THE DIRTBOMBS & r & & r & We Have You Surrounded & r & & r & 3 STARS & r & & r & & lt;span class= & quot;dropcap & quot; & T & lt;/span & he best thing about these Detroit natives is their passionate exploitation of straightforward rock mixed with generous helpings of soul, funk and the glories of art rock. While their latest release leans heavily on these same influences, the result sounds more refined, less garage-y and far riskier than previous efforts. The important characteristics remain: Mick Collins, two drummers, two bassists. A formula for success, no matter the track list.
"Ever Lovin' Man" and "I Hear Sirens" hark back clearly to earlier days and offer aural signposts to those lost by the wandering "Sherlock Holmes" or the subtle, layered closer, "La Fin du Monde." (Collins singing in French? Gorgeous.) The most ambitious song, even if it is not quite successful, is "Race to the Bottom," featuring eight minutes of noise, computer-generated effects and feedback: no vocals, just scream-moans, and the deft hand of these magical noise makers.
-- CAREY MURPHY
DOWNLOAD: "La Fin du Monde"
THROW ME THE STATUE
& lt;span class= & quot;dropcap & quot; & T & lt;/span & hrow Me the Statue is a Seattle fivesome that mixes sounds resembling Of Montreal's electronics, Ukulele's organic sounds and Jeff Mangum's acoustic guitar. It's a hard sound to pin down, and its influences are widespread. One thing is for sure: Throw Me the Statue blends an upbeat spirit of fun with a sense of serious musicianship.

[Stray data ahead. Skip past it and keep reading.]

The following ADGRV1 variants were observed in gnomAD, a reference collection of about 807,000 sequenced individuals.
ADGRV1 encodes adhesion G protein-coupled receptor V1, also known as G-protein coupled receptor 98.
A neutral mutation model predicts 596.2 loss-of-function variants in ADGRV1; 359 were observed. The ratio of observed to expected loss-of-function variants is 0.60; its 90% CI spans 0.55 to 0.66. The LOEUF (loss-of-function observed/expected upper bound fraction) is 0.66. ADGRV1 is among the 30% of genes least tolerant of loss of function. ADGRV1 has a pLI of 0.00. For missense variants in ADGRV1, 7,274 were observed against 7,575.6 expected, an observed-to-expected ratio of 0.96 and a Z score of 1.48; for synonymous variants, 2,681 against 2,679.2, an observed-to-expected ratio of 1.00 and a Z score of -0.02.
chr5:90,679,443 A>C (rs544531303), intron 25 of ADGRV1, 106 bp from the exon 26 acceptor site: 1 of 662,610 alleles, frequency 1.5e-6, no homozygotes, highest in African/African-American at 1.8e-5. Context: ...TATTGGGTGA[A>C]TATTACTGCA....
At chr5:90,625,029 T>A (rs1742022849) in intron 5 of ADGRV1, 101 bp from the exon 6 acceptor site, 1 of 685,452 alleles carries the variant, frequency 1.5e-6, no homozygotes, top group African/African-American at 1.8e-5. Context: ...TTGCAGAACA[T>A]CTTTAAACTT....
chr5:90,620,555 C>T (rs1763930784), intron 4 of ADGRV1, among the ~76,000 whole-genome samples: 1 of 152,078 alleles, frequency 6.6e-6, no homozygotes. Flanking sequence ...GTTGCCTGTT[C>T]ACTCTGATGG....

Originally released on Baskerville Hill Records last December, Moonbeams is a buoyant indie pop album that maintains its balance. Instead of falling over to the opposing sides of cop-out folk or self-righteous experimentalism, front man Scott Reitherman treads the line beautifully. Amid the various noise makers, static fuzz and honest guitar, the music of Throw Me the Statue features a lot of homeyness. Without being fluff, it personifies summer.
-- RACHEL SIEMENS